Being in France again, I read Le Monde. On Saturday 9 February, my eye was caught by a little notice at the top of the front page of the Ideas & Culture section advertising an article on pages 4 and 5 in the same section. The notice read:
Paul Ehrlich preaches in the wilderness: the American biologist predicts the collapse of our civilisation. Studies that agree are multiplying. But no one does anything.
Could this be the same Paul Ehrlich who, in 1968, wrote ‘The battle to feed all of humanity is over. In the 1970s the world will undergo famines, hundreds of millions of people are going to starve to death in spite of any crash programme embarked on now’? Reader, it could be, and it is.
This set me thinking about the typology of pessimists. Naturally I prefer pessimism to optimism, largely because optimists have no sense of humour; and since I have a sense of humour, I must be a pessimist.
But of course it does not follow from the fact that people with a sense of humour are pessimists that pessimists have a sense of humour. This is because there are two main types of pessimist, the existential and the apocalyptic. The former is pessimistic because he knows that Man is an imperfect being, inclined to do wrong for its own sake, often blind where his own best interests are concerned, ridiculous, self-destructive and self-defeating, and endowed with contradictory and incompatible wishes and desires. He knows that life will never be right.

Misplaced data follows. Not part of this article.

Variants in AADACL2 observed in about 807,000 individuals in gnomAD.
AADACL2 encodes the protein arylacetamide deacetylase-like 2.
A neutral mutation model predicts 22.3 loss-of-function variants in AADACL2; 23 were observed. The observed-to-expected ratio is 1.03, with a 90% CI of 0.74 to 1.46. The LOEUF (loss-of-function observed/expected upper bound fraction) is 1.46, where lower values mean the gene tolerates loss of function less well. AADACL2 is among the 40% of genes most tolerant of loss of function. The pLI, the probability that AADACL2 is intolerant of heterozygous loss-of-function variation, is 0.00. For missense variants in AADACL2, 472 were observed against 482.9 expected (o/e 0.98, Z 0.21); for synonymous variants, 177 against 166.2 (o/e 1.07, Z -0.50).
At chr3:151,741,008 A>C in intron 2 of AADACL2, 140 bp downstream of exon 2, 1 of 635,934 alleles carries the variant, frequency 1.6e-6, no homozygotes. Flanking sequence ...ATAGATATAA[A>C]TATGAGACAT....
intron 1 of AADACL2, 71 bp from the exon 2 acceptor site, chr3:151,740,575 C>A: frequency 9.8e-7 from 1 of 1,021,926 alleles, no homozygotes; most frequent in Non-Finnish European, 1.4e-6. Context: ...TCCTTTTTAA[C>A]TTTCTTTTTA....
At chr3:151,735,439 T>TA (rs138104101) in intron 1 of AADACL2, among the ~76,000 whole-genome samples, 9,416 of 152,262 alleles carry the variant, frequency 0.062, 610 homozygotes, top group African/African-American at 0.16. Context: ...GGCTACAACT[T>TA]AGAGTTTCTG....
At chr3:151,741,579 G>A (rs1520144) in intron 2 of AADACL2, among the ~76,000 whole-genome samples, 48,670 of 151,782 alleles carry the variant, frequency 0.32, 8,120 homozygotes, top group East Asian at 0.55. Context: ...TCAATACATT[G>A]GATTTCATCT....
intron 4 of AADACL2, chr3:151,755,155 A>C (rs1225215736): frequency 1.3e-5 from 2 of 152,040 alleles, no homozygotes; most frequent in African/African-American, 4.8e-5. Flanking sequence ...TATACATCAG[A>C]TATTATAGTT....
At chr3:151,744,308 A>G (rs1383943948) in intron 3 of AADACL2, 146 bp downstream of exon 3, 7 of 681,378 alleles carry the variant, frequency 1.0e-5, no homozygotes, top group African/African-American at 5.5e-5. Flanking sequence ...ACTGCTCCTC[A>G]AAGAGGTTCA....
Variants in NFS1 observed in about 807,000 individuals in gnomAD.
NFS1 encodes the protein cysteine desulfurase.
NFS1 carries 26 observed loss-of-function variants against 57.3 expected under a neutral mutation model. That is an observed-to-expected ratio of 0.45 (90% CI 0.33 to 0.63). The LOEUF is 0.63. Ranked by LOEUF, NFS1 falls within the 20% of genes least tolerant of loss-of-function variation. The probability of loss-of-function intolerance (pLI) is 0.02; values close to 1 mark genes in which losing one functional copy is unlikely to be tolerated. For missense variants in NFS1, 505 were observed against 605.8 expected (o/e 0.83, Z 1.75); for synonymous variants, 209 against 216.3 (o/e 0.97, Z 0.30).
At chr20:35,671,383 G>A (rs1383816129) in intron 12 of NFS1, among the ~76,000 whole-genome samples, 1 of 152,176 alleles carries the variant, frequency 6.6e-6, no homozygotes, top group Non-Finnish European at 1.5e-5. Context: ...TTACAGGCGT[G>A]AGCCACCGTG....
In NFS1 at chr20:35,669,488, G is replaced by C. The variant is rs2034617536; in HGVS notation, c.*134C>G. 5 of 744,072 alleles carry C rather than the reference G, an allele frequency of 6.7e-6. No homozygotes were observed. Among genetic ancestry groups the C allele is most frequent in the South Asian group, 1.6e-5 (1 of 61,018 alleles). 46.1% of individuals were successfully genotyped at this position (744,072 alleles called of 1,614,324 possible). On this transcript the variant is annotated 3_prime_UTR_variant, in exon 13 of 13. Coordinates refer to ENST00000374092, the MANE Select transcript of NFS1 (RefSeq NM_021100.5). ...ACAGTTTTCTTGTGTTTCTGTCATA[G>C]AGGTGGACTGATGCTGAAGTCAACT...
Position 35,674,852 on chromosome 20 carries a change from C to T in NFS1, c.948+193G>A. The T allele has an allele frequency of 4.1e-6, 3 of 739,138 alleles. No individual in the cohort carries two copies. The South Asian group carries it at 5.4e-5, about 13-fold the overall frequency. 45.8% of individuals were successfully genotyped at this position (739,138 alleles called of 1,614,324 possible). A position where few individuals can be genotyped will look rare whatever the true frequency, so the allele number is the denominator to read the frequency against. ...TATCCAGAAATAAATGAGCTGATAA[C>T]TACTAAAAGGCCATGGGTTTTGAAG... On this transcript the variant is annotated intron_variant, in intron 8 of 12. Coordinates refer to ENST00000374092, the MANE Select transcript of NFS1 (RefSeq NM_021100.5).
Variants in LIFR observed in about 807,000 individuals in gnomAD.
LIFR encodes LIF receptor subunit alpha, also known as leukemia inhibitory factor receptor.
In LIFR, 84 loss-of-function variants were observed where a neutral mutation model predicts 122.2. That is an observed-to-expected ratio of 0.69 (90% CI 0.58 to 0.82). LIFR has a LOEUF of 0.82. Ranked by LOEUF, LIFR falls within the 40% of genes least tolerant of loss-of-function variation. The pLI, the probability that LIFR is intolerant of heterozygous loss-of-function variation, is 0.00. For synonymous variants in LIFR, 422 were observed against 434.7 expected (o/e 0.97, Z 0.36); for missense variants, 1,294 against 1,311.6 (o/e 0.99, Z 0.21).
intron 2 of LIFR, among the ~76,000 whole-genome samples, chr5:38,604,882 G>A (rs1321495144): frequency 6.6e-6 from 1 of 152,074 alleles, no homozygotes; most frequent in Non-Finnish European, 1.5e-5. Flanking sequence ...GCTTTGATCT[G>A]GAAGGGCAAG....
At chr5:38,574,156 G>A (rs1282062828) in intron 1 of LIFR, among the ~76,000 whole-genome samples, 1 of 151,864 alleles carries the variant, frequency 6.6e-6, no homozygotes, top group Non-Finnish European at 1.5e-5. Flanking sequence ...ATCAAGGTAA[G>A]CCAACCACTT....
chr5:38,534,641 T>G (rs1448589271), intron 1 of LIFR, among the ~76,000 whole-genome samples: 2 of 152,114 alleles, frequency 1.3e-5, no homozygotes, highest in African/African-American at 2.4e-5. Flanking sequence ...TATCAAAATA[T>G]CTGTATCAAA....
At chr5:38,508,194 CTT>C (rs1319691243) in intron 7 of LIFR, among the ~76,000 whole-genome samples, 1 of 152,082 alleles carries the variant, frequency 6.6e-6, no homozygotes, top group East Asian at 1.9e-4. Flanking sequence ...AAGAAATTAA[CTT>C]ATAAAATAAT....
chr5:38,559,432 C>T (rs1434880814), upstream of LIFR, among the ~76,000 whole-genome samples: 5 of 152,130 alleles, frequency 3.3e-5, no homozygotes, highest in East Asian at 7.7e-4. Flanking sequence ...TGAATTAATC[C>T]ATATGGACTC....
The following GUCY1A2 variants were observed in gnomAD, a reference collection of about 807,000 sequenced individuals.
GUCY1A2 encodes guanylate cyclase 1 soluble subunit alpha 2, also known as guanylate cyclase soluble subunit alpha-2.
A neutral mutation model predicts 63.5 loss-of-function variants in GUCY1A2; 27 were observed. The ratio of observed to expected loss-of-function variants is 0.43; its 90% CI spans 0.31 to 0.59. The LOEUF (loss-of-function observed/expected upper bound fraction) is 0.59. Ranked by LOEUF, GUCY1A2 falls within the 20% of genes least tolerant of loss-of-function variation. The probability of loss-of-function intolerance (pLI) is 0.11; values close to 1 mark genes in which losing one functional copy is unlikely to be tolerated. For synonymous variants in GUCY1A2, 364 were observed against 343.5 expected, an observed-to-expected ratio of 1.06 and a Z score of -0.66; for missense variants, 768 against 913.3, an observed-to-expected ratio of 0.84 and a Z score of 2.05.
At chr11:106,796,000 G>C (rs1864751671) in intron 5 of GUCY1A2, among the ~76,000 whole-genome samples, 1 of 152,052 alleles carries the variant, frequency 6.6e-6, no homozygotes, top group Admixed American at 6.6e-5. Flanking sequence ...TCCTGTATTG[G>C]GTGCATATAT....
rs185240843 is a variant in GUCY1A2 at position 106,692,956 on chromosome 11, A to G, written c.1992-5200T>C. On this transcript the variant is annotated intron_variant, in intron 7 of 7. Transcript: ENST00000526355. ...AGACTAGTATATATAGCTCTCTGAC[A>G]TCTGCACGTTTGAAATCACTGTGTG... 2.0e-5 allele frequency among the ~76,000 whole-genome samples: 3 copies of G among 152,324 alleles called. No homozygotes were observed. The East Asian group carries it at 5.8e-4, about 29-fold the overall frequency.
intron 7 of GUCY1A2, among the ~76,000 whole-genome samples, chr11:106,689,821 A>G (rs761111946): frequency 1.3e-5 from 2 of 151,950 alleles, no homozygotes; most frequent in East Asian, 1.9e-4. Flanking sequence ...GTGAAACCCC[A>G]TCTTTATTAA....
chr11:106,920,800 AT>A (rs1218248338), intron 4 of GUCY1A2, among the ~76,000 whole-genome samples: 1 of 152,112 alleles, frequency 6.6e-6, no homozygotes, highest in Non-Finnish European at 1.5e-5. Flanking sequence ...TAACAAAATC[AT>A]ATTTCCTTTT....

The apocalyptic pessimist is different. He is so earnest that he could almost be an optimist. He believes that the end of the world is nigh, and secretly is rather pleased about it. If he is of a scientific bent, he does the following: he takes an undesirable trend and projects it indefinitely into the future until whatever is the object of the trend destroys the world. For example, he might take the fact that Staphylococci reproduce exponentially on a Petri dish to mean that, within the week, the entire biosphere will consist of Staphylococci and nothing else. Man will be crushed under the weight of bacteria.
Paul Ehrlich is of that ilk. His belief in the end of the world precedes his belief in any particular cause of it. When the end fails to happen as previously announced, his faith is undented. The End of the World has not happened. Long live the End of the World!
First published in Salisbury Review.